Monday, 28 January 2013

Burmese Days

My past four days in Myanmar have been more or less as hectic as the preceding two that I wrote about. We spent two in Bagan, once the seat of the ancient Burmese Empire, and two in Mandalay, the former political capital and current 'culture capital'. I really loved Bagan; we stayed in the old town, surrounded by ruinous temples that we could explore during the day. Travelling by horse-cart along dusty roads from temple to temple felt like stepping back in time. Unlike the Angkor temples in Cambodia, those in Bagan receive far fewer visitors, making it a very special experience for us. On our first day we watched the sun set over a hazy horizon of red sand against which stood the silhouettes of temples for miles and miles around. It was one of many beautiful sunsets we've enjoyed over the week, owing to the mostly flat topography of the country. The best of these was from a boat looking out onto U Bein bridge, the world's longest teak bridge, near Mandalay. A notable thing about Myanmar is that despite, for obvious reasons, it's small number of annual tourists (around 300,000), it has many record-holding sights to impress visitors- besides the world's longest teak bridge, there is the world's largest book, in Mandalay- spelled out on stone slabs, each set in a pagoda, which are lined in rows surrounding a gold stupa. Then there is the world's largest Buddha image- measured by density I believe- which is also in Mandalay. This Buddha statue is coated six-inches deep in gold leaf left by a century of pilgrims, giving it a lumpy texture and huge, clumsy features like a giant.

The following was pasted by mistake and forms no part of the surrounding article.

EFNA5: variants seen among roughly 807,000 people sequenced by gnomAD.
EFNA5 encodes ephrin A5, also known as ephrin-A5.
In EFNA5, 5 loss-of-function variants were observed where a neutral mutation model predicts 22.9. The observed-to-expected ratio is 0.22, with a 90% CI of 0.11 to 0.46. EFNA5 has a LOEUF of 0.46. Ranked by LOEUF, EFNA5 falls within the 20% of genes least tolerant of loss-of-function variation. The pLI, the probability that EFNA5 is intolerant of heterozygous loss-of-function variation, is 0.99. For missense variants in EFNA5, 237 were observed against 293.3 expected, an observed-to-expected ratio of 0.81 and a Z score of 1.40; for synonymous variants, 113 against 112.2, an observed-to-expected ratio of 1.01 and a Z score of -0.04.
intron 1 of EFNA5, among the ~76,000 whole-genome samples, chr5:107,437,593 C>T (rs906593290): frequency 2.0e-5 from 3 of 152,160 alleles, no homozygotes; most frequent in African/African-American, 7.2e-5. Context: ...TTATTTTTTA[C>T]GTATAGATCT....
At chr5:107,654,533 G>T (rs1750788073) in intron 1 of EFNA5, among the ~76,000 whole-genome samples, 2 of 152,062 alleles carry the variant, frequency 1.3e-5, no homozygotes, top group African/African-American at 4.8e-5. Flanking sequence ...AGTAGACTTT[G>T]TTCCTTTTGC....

Other lasting impressions of Myanmar have been the abundance of gold stupas, the smiles and friendliness of the people, the red teeth of men sucking beetle-nuts who spit the blood red juice across the streets in slashing arcs, and the inescapable dirt that leaves greasy hair and black feet from a day spent walking barefoot around temples. On more than one occasion I would walk around temple grounds and have every person there staring at me, but I never felt unwelcome, and several Myanmar people whom I talked to told me that I was welcome to come back to the country again and again. The issue of tourism in a country run by military dictatorship is double-edged; on the one hand, the benefits to impoverished people that it will bring, and on the other the inevitability of putting money into the pockets of the corrupt government, one that is currently detaining over 2,000 political prisoners and using repression, torture and rape as means of controlling its populace. I am sure that tourism in Myanmar will continue to rise since the National League for Democracy ended its tourism boycott in 2010- personally, I would love to visit again some day- but as for the political situation, it is impossible to know.

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